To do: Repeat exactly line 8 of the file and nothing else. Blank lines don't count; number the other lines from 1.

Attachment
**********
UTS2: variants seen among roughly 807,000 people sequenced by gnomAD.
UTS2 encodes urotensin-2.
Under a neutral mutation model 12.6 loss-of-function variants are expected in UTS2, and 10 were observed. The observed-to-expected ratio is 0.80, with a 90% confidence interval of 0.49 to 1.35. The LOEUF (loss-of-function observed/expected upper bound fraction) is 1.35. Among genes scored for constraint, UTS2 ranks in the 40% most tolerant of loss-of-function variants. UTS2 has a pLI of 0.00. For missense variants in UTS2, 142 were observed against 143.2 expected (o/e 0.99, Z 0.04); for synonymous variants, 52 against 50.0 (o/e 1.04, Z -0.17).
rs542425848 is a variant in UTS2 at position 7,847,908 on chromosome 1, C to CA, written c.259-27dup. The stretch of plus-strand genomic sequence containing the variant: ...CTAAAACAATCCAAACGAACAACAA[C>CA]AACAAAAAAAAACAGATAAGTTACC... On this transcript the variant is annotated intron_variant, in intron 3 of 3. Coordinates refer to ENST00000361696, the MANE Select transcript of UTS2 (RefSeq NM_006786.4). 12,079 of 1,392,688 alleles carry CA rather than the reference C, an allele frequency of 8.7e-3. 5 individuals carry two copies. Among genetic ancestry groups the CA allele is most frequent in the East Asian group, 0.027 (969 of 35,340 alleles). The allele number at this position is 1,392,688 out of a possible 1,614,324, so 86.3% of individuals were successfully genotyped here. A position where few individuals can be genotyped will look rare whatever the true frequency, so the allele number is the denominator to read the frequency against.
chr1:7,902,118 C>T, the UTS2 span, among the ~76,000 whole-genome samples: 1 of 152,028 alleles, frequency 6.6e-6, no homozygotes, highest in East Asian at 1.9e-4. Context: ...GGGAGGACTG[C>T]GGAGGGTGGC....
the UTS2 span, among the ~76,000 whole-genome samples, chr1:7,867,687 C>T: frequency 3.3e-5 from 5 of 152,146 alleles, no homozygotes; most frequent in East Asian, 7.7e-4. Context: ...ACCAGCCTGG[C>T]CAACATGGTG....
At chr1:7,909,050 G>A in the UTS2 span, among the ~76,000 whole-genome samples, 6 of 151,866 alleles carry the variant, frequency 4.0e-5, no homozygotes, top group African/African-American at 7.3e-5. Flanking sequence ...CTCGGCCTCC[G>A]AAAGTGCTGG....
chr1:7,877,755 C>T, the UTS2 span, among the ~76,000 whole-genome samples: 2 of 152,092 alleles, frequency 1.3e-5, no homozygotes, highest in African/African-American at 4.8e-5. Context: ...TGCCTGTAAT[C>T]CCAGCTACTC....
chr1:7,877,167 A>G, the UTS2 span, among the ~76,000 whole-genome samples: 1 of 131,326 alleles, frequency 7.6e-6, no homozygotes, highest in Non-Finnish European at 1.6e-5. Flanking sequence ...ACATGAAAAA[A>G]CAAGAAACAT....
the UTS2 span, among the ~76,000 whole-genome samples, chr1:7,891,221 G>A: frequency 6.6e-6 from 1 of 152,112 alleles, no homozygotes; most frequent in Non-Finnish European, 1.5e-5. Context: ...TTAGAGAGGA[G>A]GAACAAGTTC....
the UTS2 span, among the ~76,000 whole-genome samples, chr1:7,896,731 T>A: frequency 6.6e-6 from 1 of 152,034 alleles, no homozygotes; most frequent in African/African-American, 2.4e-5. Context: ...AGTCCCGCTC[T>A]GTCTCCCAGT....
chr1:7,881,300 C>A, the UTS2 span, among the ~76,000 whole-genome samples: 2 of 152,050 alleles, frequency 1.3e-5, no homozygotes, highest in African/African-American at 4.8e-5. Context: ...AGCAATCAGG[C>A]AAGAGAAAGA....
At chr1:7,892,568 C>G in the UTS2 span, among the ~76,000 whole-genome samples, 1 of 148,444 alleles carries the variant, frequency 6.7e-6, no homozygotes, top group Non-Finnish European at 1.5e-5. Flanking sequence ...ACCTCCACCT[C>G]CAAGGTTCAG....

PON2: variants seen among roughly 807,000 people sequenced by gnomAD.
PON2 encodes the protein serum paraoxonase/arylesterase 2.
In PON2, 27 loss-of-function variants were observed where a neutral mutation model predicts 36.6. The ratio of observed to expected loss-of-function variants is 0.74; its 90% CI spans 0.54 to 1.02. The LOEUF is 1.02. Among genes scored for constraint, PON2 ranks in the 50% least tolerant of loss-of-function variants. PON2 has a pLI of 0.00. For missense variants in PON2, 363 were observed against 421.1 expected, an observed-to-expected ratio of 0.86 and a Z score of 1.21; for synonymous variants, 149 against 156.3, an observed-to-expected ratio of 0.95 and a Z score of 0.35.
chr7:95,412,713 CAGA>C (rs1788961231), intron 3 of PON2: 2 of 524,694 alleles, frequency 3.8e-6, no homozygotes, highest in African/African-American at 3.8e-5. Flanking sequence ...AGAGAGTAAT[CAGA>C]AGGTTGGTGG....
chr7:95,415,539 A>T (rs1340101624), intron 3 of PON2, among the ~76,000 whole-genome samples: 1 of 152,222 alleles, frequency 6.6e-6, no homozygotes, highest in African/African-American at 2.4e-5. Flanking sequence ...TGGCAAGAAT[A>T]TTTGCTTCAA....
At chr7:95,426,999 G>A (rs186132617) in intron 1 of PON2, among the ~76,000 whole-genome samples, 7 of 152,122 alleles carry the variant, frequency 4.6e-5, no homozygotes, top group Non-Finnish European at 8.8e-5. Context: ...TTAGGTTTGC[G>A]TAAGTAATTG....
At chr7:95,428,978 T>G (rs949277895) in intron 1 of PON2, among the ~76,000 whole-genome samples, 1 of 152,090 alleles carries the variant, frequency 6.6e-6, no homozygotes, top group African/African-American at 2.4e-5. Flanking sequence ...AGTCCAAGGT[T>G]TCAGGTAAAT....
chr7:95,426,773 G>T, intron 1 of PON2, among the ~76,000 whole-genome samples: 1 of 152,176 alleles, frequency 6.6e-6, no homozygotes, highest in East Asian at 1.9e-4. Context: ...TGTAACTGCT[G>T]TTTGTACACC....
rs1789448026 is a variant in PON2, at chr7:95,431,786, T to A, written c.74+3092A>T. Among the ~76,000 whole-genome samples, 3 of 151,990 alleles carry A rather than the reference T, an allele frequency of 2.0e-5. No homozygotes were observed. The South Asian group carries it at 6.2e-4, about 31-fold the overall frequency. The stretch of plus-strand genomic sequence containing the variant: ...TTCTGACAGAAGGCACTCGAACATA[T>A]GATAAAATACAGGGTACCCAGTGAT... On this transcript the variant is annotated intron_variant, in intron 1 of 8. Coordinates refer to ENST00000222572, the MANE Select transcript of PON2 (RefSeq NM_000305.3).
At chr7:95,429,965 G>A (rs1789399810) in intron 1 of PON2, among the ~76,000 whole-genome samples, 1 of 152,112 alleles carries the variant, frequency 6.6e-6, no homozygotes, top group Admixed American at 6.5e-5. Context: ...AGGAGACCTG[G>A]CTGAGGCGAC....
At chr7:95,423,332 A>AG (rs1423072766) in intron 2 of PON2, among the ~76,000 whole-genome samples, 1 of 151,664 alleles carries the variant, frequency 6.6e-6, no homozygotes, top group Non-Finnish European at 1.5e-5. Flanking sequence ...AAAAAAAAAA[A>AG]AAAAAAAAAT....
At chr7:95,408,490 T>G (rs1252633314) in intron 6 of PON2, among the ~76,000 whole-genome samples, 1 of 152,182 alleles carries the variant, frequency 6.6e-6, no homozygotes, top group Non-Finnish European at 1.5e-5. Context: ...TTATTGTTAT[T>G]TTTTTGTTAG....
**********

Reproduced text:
chr1:7,877,755 C>T, the UTS2 span, among the ~76,000 whole-genome samples: 2 of 152,092 alleles, frequency 1.3e-5, no homozygotes, highest in African/African-American at 4.8e-5. Context: ...TGCCTGTAAT[C>T]CCAGCTACTC....